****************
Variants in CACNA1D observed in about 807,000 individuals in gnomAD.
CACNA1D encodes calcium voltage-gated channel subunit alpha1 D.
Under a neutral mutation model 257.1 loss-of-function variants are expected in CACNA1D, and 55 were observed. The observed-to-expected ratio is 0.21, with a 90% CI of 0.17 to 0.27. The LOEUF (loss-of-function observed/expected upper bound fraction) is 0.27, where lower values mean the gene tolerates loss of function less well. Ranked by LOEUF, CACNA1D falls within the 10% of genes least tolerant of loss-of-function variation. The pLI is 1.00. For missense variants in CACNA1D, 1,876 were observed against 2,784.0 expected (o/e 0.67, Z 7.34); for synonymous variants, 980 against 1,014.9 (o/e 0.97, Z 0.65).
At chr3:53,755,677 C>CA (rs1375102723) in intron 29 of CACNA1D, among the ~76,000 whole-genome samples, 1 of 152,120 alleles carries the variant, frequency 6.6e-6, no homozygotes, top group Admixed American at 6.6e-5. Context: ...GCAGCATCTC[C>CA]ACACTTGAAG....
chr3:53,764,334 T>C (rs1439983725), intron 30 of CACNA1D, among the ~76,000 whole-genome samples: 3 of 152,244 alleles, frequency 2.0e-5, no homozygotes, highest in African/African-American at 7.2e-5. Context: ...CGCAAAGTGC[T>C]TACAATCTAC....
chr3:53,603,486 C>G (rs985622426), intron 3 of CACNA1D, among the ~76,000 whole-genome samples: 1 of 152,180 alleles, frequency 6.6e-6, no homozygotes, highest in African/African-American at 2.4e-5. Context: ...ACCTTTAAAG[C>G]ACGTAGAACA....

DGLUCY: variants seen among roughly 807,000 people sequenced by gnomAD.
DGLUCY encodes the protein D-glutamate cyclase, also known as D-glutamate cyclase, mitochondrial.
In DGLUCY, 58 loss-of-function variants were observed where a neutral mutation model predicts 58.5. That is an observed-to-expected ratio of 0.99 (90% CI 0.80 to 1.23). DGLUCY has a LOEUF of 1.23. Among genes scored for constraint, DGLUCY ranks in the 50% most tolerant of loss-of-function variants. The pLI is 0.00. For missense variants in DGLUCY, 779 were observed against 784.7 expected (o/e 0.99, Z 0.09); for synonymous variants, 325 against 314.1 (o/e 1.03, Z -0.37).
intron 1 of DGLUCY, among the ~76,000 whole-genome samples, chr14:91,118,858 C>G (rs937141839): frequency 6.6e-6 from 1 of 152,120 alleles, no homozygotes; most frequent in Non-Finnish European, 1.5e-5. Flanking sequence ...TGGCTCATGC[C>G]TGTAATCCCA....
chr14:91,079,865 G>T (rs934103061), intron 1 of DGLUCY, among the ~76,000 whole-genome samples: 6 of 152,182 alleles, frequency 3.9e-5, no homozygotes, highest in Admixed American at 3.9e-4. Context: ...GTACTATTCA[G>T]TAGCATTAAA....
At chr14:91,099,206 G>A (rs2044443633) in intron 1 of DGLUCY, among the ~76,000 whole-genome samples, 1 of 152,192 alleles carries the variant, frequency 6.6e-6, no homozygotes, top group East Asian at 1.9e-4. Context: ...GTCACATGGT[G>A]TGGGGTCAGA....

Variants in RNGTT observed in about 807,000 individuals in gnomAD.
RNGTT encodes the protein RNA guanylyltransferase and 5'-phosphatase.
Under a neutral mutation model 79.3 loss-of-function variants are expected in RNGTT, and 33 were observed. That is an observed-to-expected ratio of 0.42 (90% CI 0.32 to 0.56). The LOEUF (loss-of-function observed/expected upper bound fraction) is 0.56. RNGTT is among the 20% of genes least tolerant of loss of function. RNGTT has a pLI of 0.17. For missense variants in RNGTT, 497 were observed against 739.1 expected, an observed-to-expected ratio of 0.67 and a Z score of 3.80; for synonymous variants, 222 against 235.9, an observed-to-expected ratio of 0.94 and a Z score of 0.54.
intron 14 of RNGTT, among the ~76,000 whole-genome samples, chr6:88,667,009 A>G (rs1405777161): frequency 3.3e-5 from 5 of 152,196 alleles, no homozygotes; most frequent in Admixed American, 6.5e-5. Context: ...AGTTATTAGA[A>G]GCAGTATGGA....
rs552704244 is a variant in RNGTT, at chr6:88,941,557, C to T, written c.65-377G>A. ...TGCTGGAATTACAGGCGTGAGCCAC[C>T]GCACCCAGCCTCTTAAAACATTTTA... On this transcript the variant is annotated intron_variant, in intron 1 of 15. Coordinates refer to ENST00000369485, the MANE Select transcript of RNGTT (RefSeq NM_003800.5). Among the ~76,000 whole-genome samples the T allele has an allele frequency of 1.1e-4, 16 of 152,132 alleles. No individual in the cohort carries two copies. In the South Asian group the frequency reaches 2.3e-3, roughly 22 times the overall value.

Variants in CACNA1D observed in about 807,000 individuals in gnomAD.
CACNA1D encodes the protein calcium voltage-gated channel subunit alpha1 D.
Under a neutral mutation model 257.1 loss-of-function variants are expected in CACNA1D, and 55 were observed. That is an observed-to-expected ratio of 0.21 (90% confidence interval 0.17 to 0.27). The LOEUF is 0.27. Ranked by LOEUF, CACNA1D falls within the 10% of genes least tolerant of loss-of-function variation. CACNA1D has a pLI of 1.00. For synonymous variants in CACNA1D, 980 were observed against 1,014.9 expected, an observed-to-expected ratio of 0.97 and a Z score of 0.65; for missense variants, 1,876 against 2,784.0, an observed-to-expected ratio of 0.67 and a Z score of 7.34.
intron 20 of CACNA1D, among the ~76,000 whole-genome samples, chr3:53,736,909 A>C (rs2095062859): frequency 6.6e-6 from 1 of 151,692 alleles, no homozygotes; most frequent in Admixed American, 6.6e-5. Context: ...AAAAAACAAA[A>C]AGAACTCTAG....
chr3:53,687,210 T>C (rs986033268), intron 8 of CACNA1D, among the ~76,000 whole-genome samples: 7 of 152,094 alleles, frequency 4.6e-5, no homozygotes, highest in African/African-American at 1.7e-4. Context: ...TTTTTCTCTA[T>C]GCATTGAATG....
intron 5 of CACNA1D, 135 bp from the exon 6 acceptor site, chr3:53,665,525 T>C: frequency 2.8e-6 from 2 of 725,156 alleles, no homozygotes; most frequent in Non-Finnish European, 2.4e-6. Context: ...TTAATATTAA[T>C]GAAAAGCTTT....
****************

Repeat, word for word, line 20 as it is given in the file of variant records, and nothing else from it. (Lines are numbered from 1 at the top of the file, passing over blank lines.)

Under a neutral mutation model 257.1 loss-of-function variants are expected in CACNA1D, and 55 were observed. That is an observed-to-expected ratio of 0.21 (90% confidence interval 0.17 to 0.27). The LOEUF is 0.27. Ranked by LOEUF, CACNA1D falls within the 10% of genes least tolerant of loss-of-function variation. CACNA1D has a pLI of 1.00. For synonymous variants in CACNA1D, 980 were observed against 1,014.9 expected, an observed-to-expected ratio of 0.97 and a Z score of 0.65; for missense variants, 1,876 against 2,784.0, an observed-to-expected ratio of 0.67 and a Z score of 7.34.